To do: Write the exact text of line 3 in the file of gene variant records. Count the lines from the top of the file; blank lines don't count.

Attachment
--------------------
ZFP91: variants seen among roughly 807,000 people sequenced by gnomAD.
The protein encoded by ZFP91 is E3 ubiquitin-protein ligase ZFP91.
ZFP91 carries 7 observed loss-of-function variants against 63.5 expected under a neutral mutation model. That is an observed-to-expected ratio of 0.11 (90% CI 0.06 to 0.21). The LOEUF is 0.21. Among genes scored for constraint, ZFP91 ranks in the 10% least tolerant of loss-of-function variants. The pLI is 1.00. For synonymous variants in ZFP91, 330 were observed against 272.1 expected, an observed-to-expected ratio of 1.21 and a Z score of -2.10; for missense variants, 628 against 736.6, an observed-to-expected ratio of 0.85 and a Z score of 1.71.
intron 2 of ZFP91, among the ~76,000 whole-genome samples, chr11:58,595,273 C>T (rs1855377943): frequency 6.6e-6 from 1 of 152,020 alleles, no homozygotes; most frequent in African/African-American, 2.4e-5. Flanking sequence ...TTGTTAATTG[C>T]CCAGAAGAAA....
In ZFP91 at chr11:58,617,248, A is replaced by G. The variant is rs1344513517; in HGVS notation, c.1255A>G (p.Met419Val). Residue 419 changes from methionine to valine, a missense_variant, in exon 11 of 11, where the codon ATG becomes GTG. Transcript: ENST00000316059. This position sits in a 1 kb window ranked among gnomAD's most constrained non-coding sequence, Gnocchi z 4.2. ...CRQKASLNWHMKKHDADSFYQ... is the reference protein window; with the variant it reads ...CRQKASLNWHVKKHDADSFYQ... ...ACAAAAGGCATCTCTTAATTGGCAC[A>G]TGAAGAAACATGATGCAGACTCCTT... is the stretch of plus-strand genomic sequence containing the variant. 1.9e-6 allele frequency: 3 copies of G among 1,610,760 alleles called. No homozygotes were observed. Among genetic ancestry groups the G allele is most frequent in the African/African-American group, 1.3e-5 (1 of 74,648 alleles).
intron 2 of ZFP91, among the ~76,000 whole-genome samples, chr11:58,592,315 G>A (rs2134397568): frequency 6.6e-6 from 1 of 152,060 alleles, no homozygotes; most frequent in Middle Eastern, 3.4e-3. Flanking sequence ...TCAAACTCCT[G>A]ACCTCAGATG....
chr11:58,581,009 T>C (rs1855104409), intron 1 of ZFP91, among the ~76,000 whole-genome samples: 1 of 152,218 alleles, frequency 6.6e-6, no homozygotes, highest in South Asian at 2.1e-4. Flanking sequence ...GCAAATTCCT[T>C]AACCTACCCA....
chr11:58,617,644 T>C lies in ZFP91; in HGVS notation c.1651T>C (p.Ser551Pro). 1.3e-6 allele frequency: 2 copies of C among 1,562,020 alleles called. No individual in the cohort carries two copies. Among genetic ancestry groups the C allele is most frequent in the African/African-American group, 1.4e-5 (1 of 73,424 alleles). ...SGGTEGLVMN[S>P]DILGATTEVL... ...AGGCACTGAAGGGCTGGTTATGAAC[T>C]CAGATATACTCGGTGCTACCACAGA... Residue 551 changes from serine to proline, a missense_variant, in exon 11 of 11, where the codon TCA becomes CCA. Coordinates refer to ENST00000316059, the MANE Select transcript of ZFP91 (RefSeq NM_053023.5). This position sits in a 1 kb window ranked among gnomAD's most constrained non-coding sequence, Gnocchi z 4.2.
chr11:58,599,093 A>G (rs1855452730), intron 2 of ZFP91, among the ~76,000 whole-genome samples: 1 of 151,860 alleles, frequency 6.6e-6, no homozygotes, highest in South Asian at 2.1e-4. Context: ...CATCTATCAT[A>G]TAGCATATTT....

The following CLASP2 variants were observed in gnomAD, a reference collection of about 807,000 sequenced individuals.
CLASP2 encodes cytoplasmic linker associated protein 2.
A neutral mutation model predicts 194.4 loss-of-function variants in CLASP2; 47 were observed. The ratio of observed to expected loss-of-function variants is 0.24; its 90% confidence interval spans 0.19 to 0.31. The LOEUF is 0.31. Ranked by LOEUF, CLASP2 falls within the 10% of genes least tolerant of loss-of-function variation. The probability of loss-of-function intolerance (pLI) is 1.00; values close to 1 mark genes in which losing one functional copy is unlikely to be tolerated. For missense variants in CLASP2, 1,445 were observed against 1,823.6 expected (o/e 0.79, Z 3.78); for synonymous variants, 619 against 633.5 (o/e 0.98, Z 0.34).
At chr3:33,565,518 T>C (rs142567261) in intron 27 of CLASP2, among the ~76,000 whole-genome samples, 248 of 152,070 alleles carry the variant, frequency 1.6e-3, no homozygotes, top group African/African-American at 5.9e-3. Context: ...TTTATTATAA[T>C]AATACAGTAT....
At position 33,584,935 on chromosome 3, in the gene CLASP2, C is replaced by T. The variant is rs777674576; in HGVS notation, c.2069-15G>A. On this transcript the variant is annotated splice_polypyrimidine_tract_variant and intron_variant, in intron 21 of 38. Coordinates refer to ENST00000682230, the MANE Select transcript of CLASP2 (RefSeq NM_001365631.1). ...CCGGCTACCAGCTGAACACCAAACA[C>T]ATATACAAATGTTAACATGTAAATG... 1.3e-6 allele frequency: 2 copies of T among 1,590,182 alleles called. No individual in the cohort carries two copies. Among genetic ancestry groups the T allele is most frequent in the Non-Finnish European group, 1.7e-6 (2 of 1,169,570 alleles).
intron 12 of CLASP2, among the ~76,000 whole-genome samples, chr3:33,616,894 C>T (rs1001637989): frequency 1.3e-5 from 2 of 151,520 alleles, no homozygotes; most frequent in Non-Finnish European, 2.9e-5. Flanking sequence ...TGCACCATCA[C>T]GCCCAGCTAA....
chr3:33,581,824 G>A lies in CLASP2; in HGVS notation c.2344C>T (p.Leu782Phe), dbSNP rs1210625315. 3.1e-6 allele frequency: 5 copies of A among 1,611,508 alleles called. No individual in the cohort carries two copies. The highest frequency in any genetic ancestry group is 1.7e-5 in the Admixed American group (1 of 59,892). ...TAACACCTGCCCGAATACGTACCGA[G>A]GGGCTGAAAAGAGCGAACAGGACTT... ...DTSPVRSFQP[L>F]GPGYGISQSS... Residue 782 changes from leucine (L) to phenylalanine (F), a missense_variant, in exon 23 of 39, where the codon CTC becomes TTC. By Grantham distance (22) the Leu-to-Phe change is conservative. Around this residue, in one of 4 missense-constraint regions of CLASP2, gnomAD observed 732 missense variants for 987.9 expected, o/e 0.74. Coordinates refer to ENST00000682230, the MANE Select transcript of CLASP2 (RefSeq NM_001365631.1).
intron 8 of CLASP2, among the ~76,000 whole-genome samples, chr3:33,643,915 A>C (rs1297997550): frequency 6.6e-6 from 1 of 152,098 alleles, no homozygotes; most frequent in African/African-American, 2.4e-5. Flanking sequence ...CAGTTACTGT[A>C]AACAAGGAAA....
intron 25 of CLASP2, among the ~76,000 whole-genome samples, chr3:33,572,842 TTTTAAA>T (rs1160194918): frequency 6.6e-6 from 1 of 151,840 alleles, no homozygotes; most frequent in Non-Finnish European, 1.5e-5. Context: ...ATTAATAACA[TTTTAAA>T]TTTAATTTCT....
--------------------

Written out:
ZFP91 carries 7 observed loss-of-function variants against 63.5 expected under a neutral mutation model. That is an observed-to-expected ratio of 0.11 (90% CI 0.06 to 0.21). The LOEUF is 0.21. Among genes scored for constraint, ZFP91 ranks in the 10% least tolerant of loss-of-function variants. The pLI is 1.00. For synonymous variants in ZFP91, 330 were observed against 272.1 expected, an observed-to-expected ratio of 1.21 and a Z score of -2.10; for missense variants, 628 against 736.6, an observed-to-expected ratio of 0.85 and a Z score of 1.71.